English edit

Etymology edit

From Middle English emty, amty, from Old English ǣmtiġ, ǣmettiġ (vacant, empty, free, idle, unmarried, literally without must or obligation, leisurely), from Proto-Germanic *uz- (out) + Proto-Germanic *mōtijô, *mōtô (must, obligation, need), *mōtiþô (ability, accommodation), from Proto-Indo-European *med- (measure; to acquire, possess, be in command). Related to Old English ġeǣmtigian (to empty), ǣmetta (leisure), mōtan (can, to be allowed). More at mote, meet.

The interconsonantal excrescent p is a euphonic insertion[1] dating from Middle English.

Pronunciation edit

  • IPA(key): /ˈɛmp.ti/, /ˈɛm.ti/
  • (file)
  • (file)
  • Rhymes: -ɛmpti, -ɛmti
  • Hyphenation: emp‧ty

Adjective edit

empty (comparative emptier, superlative emptiest)

A man sitting in an empty room (1)
  1. Devoid of content; containing nothing or nobody; vacant.
    Synonyms: unoccupied, clear, (obsolete) leer, (rare dialect) toom, clean
    Antonym: full
    an empty purse
    an empty jug
    an empty stomach
    • 1949 June 8, George Orwell [pseudonym; Eric Arthur Blair], chapter 1, in Nineteen Eighty-Four: A Novel, London: Secker & Warburg, →OCLC; republished [Australia]: Project Gutenberg of Australia, August 2001, part 2, page 103:
      [] something in the little man's appearance suggested that he would be sufficiently attentive to his own comfort to choose the emptiest table.
    • 2011 October 23, Phil McNulty, “Man Utd 1 - 6 Man City”, in BBC Sport[1]:
      United's stature is such that one result must not bring the immediate announcement of a shift in the balance of power in Manchester - but the swathes of empty seats around Old Trafford and the wave of attacks pouring towards David de Gea's goal in the second half emphasised that City quite simply have greater firepower and talent in their squad at present.
  2. (computing, programming, mathematics) Containing no elements (as of a string, array, or set), opposed to being null (having no valid value).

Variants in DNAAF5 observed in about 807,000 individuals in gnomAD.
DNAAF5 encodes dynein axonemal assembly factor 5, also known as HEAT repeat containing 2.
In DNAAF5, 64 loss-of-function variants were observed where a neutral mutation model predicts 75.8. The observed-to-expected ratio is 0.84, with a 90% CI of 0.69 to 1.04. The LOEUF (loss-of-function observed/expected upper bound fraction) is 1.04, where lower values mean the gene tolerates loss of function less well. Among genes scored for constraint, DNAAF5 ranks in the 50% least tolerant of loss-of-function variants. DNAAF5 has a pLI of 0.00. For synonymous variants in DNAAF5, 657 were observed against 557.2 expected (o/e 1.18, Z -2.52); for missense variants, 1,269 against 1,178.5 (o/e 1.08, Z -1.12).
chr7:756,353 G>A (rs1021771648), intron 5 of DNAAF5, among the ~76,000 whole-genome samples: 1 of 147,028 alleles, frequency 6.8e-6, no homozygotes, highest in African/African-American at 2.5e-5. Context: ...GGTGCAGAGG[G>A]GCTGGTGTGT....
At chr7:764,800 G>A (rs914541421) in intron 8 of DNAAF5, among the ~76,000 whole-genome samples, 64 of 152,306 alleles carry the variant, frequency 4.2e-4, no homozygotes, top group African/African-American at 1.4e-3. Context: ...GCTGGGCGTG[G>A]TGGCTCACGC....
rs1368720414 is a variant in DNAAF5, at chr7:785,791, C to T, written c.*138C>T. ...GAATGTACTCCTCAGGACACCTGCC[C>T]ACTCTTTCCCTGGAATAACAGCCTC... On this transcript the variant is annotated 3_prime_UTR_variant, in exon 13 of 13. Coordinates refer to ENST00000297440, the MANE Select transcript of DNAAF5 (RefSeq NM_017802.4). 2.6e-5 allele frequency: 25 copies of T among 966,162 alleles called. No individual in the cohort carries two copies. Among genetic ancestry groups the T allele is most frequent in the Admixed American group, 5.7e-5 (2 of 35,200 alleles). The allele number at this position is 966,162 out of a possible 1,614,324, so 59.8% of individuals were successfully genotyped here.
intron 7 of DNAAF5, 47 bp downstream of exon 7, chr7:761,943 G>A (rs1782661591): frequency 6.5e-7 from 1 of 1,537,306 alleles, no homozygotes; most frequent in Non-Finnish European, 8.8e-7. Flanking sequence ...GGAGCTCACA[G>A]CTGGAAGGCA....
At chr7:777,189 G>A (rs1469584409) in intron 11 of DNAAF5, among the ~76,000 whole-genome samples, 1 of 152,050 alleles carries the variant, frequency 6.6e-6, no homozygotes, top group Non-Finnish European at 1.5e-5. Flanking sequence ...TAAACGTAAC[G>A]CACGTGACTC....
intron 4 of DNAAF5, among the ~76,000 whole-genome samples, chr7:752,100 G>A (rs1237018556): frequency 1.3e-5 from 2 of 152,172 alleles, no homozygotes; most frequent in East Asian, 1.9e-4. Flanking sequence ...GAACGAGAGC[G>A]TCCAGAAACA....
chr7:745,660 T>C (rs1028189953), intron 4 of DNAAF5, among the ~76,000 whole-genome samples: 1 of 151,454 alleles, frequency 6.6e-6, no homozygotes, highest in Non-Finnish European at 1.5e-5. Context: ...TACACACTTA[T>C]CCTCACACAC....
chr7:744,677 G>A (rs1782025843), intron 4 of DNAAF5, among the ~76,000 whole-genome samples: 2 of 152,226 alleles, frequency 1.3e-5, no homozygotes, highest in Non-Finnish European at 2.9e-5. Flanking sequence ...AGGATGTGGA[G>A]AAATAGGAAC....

Antonym: non-empty
  3. (obsolete) Free; clear; devoid; often with of.
  4. Having nothing to carry, emptyhanded; unburdened.
  5. Destitute of effect, sincerity, or sense; said of language.
    empty words, or threats
    empty offer
    empty promises
    • 1697, Colley Cibber, Woman's Wit[2], act V, page 190:
      [] words are but empty thanks; my future conduct best will speak my gratitude.
  6. Unable to satisfy; hollow; vain.
    empty pleasures
    • 1713, Alexander Pope, “Windsor-Forest. []”, in The Works of Mr. Alexander Pope, volume I, London: [] W[illiam] Bowyer, for Bernard Lintot, [], published 1717, →OCLC, lines 429-430:
      Ev'n I more sweetly pass my careless days, / Pleas'd in the silent shade with empty praise;
  7. Destitute of reality, or real existence; unsubstantial.
    empty dreams
  8. Destitute of, or lacking, sense, knowledge, or courtesy.
    empty brains
    an empty coxcomb
  9. (of some female animals, especially cows and sheep) Not pregnant; not producing offspring when expected to do so during the breeding season.
    Empty cow rates have increased in recent years.
  10. (obsolete, of a plant or tree) Producing nothing; unfruitful.
    an empty vine

Derived terms edit

Terms derived from empty (adjective)

Translations edit

Verb edit

empty (third-person singular simple present empties, present participle emptying, simple past and past participle emptied)

  1. (transitive, ergative) To make empty; to void; to remove the contents of.
    to empty a well or a cistern
    The cinema emptied quickly after the end of the film.
    The suspected thief was requested to empty her pockets.
  2. (intransitive) Of a river, duct, etc: to drain or flow toward an ultimate destination.
    Salmon River empties on the W shore about 2 miles below Bear River.
    • 1899 [2nd century], Horace White, transl., Appian:
      Of these the Rhine empties into the Northern ocean and the Danube into the Euxine.

Antonyms edit

Derived terms edit

Translations edit

Noun edit

empty (plural empties)

  1. (chiefly in the plural) A container, especially a bottle, whose contents have been used up, leaving it empty.
    Put the empties out to be recycled.
    • 2019 October, Steve Stubbs, photo caption, “'60' on the stone”, in Modern Railways, page 20:
      A number of locomotives have been drafted into the area to cover the traction shortfall, including two Class 60s: here No 60039 accelerates away from Eastleigh on the Chandlers Ford branch with the lunchtime Fareham to Whatley quarry empties [empty wagons] on 20 August 2019.

Derived terms edit

Translations edit

See also edit

References edit

  1. ^ Douglas Harper (2001–2024), “empty”, in Online Etymology Dictionary.

Further reading edit